HA can provide effective skin surface moisturizing, either alone or in combination with other moisturizing ingredients. However, there is a controversy whether concentrated HA formulas should be used as a moisturizer in dry climate. When air humidity is very low, HA may preferentially pull water from the skin rather than from the air, thus producing the opposite effect. The optimal use of HA as a moisturizer needs further research.
But can topical HA go beyond moisturizing? Can it penetrate into the dermis and help rebuild the skin matrix? Generally, large molecules do not penetrate the skin or do so in very small amounts. Most likely, medium-to-large size HA molecules (perhaps with molecular weight above 20,000 Da) won't penetrate sufficiently to have an impact on the skin matrix. However, small size HA (5,000 - 20,000 Da) may penetrate into the dermis in significant amounts. However, this may not necessarily be a good thing. Assuming small size HA molecules penetrate into the dermis, they are likely to trigger some elements of the wound healing response (as we discussed above), such as immune activation, inflammation, cell division, blood vessel growth, new skin matrix synthesis and so forth. The net effect might be either matrix degradation and accelerated skin aging or matrix remodeling and improved skin texture. Studies are required to answer this question.
Hyaluronic acid-based fillers
Considering that medium and large hyaluronic acid molecules cannot penetrate the skin in significant amounts, one alternative is to deliver HA via injection. This approach may improve localized imperfections (e.g. wrinkles, furrows, depressed scars) but cannot revitalize the skin overall.
Stimulating synthesis of hyaluronic acid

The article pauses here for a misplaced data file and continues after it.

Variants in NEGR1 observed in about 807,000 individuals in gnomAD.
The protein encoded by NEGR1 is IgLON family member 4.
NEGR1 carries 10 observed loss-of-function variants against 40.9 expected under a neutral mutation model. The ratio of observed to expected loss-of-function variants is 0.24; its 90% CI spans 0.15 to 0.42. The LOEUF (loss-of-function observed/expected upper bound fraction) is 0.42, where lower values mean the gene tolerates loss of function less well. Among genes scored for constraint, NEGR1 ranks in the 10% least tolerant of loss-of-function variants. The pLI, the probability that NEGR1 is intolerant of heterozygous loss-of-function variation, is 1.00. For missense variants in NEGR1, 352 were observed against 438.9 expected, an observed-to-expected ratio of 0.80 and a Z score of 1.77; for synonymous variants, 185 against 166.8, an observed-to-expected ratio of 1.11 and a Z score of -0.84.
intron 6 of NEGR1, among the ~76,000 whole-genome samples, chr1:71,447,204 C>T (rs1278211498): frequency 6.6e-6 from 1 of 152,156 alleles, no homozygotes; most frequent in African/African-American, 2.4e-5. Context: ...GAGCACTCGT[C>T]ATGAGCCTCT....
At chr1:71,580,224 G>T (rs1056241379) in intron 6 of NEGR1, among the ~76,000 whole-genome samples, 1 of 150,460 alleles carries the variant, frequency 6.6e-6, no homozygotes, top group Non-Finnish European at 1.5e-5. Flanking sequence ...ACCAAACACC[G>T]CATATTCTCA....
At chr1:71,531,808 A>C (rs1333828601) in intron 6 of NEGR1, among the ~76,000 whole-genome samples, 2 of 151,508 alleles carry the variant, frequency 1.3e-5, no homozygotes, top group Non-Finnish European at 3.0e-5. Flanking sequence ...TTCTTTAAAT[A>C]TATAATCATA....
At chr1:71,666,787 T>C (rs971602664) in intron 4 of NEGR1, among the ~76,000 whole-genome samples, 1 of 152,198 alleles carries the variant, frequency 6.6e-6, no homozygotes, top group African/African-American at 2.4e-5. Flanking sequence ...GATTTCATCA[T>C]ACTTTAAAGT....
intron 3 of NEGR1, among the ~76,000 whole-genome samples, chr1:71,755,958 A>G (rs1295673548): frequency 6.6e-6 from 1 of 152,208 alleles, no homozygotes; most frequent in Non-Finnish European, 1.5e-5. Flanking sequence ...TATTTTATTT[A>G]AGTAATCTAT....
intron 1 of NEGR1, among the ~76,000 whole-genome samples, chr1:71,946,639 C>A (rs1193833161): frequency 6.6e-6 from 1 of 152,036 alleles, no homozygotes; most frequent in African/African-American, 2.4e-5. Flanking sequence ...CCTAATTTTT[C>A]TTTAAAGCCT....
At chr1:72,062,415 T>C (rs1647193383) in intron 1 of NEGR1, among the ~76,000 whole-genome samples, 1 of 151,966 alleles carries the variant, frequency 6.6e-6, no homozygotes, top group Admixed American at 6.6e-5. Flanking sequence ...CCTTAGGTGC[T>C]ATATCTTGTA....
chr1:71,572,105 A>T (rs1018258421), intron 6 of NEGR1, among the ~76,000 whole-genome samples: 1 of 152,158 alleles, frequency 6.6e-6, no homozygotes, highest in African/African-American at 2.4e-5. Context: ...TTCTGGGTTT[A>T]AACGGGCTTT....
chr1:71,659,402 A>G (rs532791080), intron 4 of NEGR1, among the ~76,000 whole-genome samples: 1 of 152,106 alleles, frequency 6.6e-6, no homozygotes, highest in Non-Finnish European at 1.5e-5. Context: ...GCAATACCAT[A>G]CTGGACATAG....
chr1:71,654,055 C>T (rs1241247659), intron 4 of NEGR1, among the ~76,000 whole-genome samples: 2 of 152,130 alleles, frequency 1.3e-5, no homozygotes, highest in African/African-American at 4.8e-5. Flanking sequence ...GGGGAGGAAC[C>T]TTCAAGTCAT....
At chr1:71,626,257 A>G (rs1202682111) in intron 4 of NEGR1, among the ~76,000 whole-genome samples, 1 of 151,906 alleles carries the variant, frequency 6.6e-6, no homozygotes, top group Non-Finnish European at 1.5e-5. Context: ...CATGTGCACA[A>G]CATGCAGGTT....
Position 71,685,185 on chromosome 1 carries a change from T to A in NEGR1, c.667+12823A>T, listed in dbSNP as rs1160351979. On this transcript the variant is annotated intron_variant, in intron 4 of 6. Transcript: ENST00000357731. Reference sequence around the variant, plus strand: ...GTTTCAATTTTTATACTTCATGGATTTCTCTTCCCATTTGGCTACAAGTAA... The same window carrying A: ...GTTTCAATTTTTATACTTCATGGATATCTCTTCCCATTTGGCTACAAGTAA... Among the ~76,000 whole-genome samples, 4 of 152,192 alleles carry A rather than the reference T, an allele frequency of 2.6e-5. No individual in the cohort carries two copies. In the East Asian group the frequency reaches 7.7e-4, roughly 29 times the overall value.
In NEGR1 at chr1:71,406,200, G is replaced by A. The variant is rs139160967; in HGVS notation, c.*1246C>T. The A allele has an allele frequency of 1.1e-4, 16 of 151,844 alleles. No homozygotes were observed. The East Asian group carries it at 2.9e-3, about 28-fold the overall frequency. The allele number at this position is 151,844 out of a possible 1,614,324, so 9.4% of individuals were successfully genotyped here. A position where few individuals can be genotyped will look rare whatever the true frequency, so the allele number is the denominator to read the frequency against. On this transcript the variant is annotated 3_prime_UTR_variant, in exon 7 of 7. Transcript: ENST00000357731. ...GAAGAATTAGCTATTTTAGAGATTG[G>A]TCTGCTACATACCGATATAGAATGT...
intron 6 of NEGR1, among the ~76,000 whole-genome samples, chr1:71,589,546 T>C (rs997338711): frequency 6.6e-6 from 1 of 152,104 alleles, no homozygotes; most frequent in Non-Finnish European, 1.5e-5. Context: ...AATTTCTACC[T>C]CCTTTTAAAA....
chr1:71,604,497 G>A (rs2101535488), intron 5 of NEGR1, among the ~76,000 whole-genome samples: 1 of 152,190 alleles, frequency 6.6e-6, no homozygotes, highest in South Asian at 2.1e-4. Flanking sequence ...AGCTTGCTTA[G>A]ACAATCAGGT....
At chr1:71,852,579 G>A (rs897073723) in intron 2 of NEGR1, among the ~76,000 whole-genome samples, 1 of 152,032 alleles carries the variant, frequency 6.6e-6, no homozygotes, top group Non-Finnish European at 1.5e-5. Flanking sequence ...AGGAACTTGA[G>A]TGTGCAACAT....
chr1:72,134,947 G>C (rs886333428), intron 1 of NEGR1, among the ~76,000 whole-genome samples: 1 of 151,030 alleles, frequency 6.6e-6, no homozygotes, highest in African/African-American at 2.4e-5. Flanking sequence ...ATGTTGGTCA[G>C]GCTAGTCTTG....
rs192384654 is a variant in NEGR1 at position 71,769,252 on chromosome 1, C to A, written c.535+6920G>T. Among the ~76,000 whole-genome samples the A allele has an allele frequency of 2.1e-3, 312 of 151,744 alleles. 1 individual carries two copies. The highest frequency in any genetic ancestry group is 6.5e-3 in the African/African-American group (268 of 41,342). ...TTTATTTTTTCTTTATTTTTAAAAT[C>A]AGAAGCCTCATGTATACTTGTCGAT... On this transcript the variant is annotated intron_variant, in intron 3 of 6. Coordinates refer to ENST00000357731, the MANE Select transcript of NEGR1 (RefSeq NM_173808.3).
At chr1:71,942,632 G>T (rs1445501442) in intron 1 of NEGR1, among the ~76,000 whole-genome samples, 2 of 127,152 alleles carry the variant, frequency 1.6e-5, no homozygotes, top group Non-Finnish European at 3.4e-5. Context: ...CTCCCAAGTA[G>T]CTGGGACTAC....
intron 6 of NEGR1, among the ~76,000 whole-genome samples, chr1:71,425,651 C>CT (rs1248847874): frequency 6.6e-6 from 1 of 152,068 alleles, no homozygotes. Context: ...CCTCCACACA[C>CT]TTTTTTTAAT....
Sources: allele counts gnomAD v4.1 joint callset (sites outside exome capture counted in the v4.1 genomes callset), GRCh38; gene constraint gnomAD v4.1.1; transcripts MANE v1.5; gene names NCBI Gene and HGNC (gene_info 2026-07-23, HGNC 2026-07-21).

One way to increase the skin content of HA would be to stimulate its synthesis in the skin. Unfortunately, there is little data on practically useful ways to do it. One approach to explore would be to provide the body with more building blocks for hyaluronic acid, such as glucosamine and N-acetyl-glucosamine. Research is needed to determine whether oral or topical administration of the HA building blocks increases its synthesis in the skin - particularly the synthesis of medium-to-large size molecules. (This approach has been shown to work for cartilage but each tissue is different.) Another approach is to find agents that stimulate the activity of hyaluronan synthases, the enzymes producing HA. Presumably, the ideal agent should preferentially activate HAS1 and HAS2, the enzymes producing high molecular weight HA. Unfortunately, no such agent suitable for practical use appears to be available as of the time of this writing.
Inhibiting the degradation of hyaluronic acid
If stimulating HA synthesis is problematic or insufficient, an alternative could be to inhibit its degradation. Plugging the drain instead of pouring more, so to speak. One way to do it would be to inhibit the HA-degrading enzyme hyaluronidase. Unfortunately, practically useful hyaluronidase inhibitors appear as hard to come by as hyaluronan synthase activators. There are a few leads, however. One candidate is escin, a saponin extracted from horse chestnut. In a few clinical trials, it was shown to strengthen veins and improve venous insufficiency, presumably via inhibiting hyaluronidase and elastase in vein walls. It may (or may not) be able to inhibit these matrix-degrading enzymes in the skin. The other candidate, surprisingly, is a variant of a well-known skin care ingredient ascorbyl palmitate. Ascorbyl palmitate is often considered inferior (as a skincare ingredient) to other common vitamin C derivatives because it is a poor activator of collagen synthesis. A variant (isomer) of ascorbyl palmitate called L-Ascorbic Acid 6-Hexadecanoate was shown to inhibit hyaluronidase in some species, including mammals. Whether this effect can be reproduced in the human skin remains to be seen. If it is, the skin care reputation of ascorbyl palmitate may get a boost.